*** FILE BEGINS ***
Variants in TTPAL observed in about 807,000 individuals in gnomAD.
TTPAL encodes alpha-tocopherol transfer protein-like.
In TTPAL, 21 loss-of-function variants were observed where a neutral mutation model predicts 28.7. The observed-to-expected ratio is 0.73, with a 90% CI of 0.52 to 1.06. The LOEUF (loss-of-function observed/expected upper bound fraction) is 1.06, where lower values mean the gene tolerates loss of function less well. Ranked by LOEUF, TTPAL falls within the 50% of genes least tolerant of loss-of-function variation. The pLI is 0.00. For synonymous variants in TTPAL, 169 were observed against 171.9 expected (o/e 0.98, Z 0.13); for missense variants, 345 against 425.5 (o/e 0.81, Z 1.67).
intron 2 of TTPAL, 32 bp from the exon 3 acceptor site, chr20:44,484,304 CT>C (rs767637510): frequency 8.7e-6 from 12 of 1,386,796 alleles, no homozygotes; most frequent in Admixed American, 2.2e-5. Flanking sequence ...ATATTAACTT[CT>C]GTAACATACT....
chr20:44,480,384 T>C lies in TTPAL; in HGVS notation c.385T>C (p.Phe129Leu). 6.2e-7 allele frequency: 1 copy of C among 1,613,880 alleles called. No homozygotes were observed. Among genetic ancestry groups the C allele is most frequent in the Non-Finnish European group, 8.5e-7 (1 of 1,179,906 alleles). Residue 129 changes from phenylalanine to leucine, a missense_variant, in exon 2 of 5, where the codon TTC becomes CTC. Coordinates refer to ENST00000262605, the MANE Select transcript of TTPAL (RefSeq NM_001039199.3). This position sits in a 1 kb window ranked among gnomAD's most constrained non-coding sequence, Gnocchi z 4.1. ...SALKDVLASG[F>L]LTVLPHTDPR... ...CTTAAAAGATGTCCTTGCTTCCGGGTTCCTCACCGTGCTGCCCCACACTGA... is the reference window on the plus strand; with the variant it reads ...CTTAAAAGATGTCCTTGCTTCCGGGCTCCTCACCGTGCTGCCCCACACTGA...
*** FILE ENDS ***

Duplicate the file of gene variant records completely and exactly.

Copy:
Variants in TTPAL observed in about 807,000 individuals in gnomAD.
TTPAL encodes alpha-tocopherol transfer protein-like.
In TTPAL, 21 loss-of-function variants were observed where a neutral mutation model predicts 28.7. The observed-to-expected ratio is 0.73, with a 90% CI of 0.52 to 1.06. The LOEUF (loss-of-function observed/expected upper bound fraction) is 1.06, where lower values mean the gene tolerates loss of function less well. Ranked by LOEUF, TTPAL falls within the 50% of genes least tolerant of loss-of-function variation. The pLI is 0.00. For synonymous variants in TTPAL, 169 were observed against 171.9 expected (o/e 0.98, Z 0.13); for missense variants, 345 against 425.5 (o/e 0.81, Z 1.67).
intron 2 of TTPAL, 32 bp from the exon 3 acceptor site, chr20:44,484,304 CT>C (rs767637510): frequency 8.7e-6 from 12 of 1,386,796 alleles, no homozygotes; most frequent in Admixed American, 2.2e-5. Flanking sequence ...ATATTAACTT[CT>C]GTAACATACT....
chr20:44,480,384 T>C lies in TTPAL; in HGVS notation c.385T>C (p.Phe129Leu). 6.2e-7 allele frequency: 1 copy of C among 1,613,880 alleles called. No homozygotes were observed. Among genetic ancestry groups the C allele is most frequent in the Non-Finnish European group, 8.5e-7 (1 of 1,179,906 alleles). Residue 129 changes from phenylalanine to leucine, a missense_variant, in exon 2 of 5, where the codon TTC becomes CTC. Coordinates refer to ENST00000262605, the MANE Select transcript of TTPAL (RefSeq NM_001039199.3). This position sits in a 1 kb window ranked among gnomAD's most constrained non-coding sequence, Gnocchi z 4.1. ...SALKDVLASG[F>L]LTVLPHTDPR... ...CTTAAAAGATGTCCTTGCTTCCGGGTTCCTCACCGTGCTGCCCCACACTGA... is the reference window on the plus strand; with the variant it reads ...CTTAAAAGATGTCCTTGCTTCCGGGCTCCTCACCGTGCTGCCCCACACTGA...